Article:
Sunrise over V.A. Capitol.


October 16, 2008

Heather M. Harvey
Richmond, Virginia

The staff of the Freedom of Information Advisory Council is authorized to issue advisory opinions. The ensuing staff advisory opinion is based solely upon the information presented in your facsimile of September 5, 2008 and electronic mail of September 15, 2008.

Dear Ms. Harvey:

You have asked several questions concerning a requester's ability to challenge a public body's decision to withhold from disclosure certain records under the Virginia Freedom of Information Act (FOIA). As factual background, you indicated that you sought records concerning two rape cases that occurred in 1976, both involving the same defendant, but different victims. You stated that both cases were tried in circuit court and the defendant was acquitted, but two years later the same defendant was convicted of murder in a separate case and is presently serving a life sentence. You stated that the court records of the cases indicate that there were audio tapes of both cases, including testimony by the victims and investigating officers. However, the court clerk informed you that because there were no appeals, no transcripts of the audio tapes were made, and the audio tapes themselves were destroyed after ten years. Because of the limited nature of the existing court records, you requested relevant records from the police department that investigated these cases. You related that the police asked for an advance deposit to cover search charges, and stated that [i]f responsive records are found and they are contained in the investigatory case file or otherwise subject to [Virginia Code § 2.2-3706(F)(1)], then we will withhold the records and provide you only with information on the volume and subject matter of the withheld records. The police also acknowledged you would be entitled to criminal incident information about these cases.

You further indicated that the Town Attorney who represents the police department confirmed that the police department policy is to invoke subdivision F 1 of § 2.2-3706 (the criminal records exemption) whenever it is applicable, and that they would do so in this situation. You stated that he also said that to prevail in a challenge against that decision, the police would only have to state their decision to invoke the exemption, and that it would not be relevant whether the decision was justified or reasonable under the circumstances. Based upon these facts, you ask whether a decision to invoke the criminal records exemption is subject to challenge, and if so, what is the legal standard of review and who bears the burden of proof?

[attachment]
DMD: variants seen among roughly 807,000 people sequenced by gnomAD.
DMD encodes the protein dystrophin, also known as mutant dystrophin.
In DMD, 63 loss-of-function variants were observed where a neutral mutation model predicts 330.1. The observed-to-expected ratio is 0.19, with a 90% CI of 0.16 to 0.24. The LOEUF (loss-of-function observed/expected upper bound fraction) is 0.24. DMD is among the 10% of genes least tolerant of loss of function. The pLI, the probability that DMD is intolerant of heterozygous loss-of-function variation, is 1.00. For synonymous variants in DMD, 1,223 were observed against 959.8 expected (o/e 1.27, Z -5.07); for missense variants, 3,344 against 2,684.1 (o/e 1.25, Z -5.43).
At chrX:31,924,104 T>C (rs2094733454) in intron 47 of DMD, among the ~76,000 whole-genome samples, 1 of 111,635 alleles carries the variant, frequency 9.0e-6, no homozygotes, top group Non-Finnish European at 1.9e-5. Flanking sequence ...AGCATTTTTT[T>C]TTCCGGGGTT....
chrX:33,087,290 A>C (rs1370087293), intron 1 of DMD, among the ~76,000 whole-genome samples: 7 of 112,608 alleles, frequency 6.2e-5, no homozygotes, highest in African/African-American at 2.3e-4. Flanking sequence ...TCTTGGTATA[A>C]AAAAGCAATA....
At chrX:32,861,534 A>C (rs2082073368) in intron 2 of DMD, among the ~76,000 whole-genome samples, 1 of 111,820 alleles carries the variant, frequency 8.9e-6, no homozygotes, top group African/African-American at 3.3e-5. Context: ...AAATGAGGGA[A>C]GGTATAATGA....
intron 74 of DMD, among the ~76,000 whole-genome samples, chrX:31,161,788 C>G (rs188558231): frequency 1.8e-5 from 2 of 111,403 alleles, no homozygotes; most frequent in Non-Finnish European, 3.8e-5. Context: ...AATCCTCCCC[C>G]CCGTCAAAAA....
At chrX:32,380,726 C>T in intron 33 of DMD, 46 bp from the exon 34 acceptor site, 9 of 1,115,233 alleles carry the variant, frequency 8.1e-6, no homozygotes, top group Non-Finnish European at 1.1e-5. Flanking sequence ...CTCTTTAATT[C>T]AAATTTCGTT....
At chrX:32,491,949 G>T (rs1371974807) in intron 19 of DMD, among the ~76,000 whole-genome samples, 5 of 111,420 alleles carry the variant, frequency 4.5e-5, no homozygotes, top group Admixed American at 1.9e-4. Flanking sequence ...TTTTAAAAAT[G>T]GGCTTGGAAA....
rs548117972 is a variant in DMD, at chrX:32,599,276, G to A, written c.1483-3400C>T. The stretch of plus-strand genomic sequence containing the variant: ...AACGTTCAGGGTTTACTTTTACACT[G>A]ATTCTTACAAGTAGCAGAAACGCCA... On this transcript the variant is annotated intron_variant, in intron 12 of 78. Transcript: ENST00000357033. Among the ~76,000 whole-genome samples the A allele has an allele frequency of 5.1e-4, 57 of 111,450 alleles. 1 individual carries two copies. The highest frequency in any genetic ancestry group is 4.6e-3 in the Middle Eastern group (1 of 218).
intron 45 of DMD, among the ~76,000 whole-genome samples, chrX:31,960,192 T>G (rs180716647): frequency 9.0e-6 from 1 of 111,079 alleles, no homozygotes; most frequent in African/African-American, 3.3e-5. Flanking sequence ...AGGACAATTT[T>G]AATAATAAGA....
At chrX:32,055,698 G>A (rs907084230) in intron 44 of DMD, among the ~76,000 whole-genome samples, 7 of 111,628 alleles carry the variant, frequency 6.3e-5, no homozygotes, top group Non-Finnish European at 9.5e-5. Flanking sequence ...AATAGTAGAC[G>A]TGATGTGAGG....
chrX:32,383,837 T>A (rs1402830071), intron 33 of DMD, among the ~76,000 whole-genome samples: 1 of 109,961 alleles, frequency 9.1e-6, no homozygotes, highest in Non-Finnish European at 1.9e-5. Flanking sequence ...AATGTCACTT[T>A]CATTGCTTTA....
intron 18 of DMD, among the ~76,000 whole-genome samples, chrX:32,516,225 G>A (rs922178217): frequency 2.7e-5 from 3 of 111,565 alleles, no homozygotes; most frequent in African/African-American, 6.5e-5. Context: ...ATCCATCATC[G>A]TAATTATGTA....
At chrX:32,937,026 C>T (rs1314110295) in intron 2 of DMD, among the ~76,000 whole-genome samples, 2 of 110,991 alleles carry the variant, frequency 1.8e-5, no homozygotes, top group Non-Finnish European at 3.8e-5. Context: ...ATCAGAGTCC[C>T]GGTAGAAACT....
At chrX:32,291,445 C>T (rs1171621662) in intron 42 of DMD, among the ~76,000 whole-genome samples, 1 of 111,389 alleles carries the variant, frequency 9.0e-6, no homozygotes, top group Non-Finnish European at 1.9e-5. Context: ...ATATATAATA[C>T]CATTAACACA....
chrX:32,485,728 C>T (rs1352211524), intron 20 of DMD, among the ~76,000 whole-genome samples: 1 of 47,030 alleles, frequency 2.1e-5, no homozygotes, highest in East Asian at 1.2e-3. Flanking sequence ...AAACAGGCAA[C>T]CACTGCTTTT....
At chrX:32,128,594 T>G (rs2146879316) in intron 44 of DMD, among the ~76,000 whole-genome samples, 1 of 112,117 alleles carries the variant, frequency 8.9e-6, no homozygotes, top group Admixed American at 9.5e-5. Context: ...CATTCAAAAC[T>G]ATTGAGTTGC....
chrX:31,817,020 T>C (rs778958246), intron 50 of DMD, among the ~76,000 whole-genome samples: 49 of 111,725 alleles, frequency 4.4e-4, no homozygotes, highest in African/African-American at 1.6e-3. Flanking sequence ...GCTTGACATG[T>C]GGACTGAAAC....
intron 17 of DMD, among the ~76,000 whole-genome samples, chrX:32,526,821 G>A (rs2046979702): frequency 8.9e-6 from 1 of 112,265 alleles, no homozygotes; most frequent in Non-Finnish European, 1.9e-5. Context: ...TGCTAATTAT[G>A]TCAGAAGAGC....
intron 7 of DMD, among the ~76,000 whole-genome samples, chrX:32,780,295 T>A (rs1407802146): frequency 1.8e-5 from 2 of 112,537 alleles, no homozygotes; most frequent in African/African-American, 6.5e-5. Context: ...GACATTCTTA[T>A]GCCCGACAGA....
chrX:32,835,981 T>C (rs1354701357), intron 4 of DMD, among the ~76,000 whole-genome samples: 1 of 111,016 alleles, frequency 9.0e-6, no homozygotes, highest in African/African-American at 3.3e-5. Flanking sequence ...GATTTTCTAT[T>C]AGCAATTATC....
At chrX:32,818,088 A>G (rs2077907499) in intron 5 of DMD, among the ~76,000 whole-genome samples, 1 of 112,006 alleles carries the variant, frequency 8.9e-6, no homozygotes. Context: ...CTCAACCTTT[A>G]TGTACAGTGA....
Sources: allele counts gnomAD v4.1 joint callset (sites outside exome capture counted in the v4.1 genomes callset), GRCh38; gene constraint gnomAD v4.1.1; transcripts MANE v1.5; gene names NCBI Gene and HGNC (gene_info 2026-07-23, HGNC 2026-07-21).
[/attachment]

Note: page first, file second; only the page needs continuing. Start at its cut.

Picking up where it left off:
Subsection E of § 2.2-3713 states that [i]n any action to enforce the provisions of this chapter, the public body shall bear the burden of proof to establish an exemption by a preponderance of the evidence. Under this standard, therefore, the police would bear the burden to prove by a preponderance of the evidence that the criminal records exemption applied to the records you requested. However, you do not appear to challenge whether the exemption applies, but instead challenge the decision not to disclose the records even though the exemption applies. You indicated that you believe the records should be released because the cases are over 30 years old, the cases have been adjudicated at public trial, the court case records are public, and there is no ongoing investigation that would be jeopardized if the records were released. Therefore you feel the rights of taxpayers who fund police investigations should be balanced against the police department's interests in this situation, and the records should be disclosed. In essence, your arguments do not challenge whether the records fall within the terms of the exemption, but instead challenge the exercise of discretion in choosing to withhold the records.